Berkshire Hathaway's recent decision to scoop up another 75 million shares of Apple shows yet again — Berkshire already held 165.3 million shares — that Apple is one of the few tech companies that fits into Warren Buffett's investment philosophy.
It's easy to see where Apple makes money
Buffett has frequently stated that he's a fan of investing in efficient companies that are run as simply as possible. Apple fits the bill. There's no guessing where it makes money: iPhones, iPads, Macs, services. "Here's a company with, whatever their earnings are, $60 billion, and you can put all their products on a dining room table," Buffett told CNBC's Becky Quick.
Plus, CEO Tim Cook has long been lauded as a master of the supply chain, which means he's good at getting millions of products built in an effort to meet overwhelming demand.
Apple's management thinks long term
Buffett likes companies with long-term strategies. "Nobody buys a farm based on whether it's going to rain next year," he said on CNBC's "Squawk Box." "They think it's a good investment over 10 or 20 years." That's why he doesn't worry about quarterly iPhone sales, even if Apple misses, because he's more interested in Apple's growth over the next decade.
Also, Apple's no longer just an iPhone company. The company's wearables business, which didn't even exist several years ago, is now the size of a Fortune 300 business and has no real competition. Its "services" business, which includes the App Store, iCloud, Apple Music and more, is also growing at a rapid rate.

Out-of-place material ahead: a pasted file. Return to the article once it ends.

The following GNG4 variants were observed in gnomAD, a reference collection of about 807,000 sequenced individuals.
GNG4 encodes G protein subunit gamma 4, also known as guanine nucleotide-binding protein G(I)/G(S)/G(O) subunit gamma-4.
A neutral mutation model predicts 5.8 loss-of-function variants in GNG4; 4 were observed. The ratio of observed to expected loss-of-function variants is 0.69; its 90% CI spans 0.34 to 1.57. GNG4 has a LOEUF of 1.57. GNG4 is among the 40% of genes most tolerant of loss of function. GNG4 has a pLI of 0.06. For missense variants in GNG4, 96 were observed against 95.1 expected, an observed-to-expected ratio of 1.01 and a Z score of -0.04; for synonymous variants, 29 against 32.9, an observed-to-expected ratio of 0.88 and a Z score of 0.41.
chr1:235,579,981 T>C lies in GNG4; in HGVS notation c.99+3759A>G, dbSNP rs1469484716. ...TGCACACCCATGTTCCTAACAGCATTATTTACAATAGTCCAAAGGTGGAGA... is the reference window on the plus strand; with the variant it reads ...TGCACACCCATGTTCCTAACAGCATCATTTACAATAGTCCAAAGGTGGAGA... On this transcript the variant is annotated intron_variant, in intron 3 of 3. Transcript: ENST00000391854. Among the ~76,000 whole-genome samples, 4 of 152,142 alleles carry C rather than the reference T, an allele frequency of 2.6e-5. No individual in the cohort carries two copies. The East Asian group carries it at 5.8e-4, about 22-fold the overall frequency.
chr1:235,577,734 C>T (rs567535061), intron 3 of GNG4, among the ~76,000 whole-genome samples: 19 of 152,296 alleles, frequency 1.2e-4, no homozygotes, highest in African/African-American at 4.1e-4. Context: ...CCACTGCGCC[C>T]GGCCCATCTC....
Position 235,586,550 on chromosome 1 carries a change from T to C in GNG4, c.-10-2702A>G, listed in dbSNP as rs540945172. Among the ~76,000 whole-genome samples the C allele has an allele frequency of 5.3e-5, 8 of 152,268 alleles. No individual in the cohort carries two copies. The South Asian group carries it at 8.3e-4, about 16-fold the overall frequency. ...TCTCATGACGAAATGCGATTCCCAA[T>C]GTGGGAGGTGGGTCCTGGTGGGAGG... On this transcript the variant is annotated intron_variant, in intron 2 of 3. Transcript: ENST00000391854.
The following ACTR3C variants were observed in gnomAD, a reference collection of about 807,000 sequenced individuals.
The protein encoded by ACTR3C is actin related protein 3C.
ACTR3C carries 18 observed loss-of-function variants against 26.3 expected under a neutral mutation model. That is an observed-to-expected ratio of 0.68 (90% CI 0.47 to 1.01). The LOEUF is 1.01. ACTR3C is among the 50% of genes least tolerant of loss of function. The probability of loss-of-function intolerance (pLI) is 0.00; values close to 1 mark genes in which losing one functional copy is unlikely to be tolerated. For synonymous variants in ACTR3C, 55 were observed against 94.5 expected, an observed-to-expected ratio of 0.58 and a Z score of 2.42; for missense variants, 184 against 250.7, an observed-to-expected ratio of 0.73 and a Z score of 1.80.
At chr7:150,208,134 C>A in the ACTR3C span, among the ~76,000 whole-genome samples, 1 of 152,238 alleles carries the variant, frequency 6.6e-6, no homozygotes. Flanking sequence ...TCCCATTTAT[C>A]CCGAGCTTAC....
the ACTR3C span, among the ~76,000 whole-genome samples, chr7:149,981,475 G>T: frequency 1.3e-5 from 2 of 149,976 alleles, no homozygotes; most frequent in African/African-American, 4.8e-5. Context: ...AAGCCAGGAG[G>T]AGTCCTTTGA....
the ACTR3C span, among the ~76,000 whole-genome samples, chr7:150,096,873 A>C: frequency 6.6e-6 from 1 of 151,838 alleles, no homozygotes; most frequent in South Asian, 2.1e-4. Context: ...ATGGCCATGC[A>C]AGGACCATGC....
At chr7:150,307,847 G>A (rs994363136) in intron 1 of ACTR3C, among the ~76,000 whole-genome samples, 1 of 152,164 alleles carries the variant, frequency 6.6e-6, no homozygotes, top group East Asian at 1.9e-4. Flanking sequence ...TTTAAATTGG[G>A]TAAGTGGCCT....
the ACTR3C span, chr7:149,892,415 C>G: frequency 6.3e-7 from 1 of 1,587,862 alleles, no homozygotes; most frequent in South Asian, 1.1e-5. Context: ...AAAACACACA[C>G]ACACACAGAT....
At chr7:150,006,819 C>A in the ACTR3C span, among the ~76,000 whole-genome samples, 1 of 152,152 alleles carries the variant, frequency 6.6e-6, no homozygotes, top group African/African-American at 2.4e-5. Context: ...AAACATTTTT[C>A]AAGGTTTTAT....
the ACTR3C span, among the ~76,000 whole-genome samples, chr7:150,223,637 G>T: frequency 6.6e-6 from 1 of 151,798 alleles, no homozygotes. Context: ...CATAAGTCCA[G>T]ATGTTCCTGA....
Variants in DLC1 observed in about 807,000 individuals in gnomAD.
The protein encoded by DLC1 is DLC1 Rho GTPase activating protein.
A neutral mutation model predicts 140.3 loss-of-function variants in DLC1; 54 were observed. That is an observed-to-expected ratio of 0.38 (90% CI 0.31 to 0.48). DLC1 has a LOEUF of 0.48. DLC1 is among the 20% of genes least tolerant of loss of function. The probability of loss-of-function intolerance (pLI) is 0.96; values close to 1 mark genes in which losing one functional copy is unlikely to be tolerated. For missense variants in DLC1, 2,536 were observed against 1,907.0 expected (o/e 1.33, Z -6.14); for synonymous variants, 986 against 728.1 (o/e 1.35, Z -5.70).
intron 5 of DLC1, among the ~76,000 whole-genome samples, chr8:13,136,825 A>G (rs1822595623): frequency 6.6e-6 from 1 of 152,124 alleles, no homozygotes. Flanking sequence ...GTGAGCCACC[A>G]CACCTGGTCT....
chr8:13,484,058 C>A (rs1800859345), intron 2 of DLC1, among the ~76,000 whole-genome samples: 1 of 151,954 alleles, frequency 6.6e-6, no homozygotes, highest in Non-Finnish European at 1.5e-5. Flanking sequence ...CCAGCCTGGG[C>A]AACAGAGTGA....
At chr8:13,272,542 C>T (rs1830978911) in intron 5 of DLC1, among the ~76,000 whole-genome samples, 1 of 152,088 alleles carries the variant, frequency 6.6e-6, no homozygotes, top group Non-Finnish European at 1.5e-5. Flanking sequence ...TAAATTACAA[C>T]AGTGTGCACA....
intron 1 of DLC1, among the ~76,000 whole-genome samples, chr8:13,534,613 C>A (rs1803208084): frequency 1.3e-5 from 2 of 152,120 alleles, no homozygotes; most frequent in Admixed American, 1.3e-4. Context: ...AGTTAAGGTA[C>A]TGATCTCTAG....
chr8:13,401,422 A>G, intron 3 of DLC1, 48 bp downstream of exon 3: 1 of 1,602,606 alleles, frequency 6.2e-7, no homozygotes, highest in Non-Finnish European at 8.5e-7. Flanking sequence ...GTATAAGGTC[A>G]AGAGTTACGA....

"I see how strong that ecosystem is, to an extraordinary degree. … You are very, very, very locked in, at least psychologically and mentally, to the product you are using. [IPhone] is a very sticky product," Buffett said in February of the iPhone and Apple's ecosystem.
Apple's products can survive bad management
Apple's products and services are so popular they have the potential to survive bad management. Buffett thinks investing in a good business is better than investing in good management. Apple currently has both.
"If you've got a good enough business, if you have a monopoly newspaper, if you have a network television station — I'm talking of the past — you know, your idiot nephew could run it," Buffett once said of his investment in Moody's, of which he knew nothing about the management. "And if you've got a really good business, it doesn't make any difference."
Buffett bets on America
Buffett likes to invest in American companies. His largest holdings as of February included Wells Fargo, Apple, Bank of America and Coca-Cola. Buffett said last year that he believes America has the "secret sauce."
"It doesn't work all the time perfectly," Buffett said, "but you just look at where we go, milestone after milestone. Never bet against America."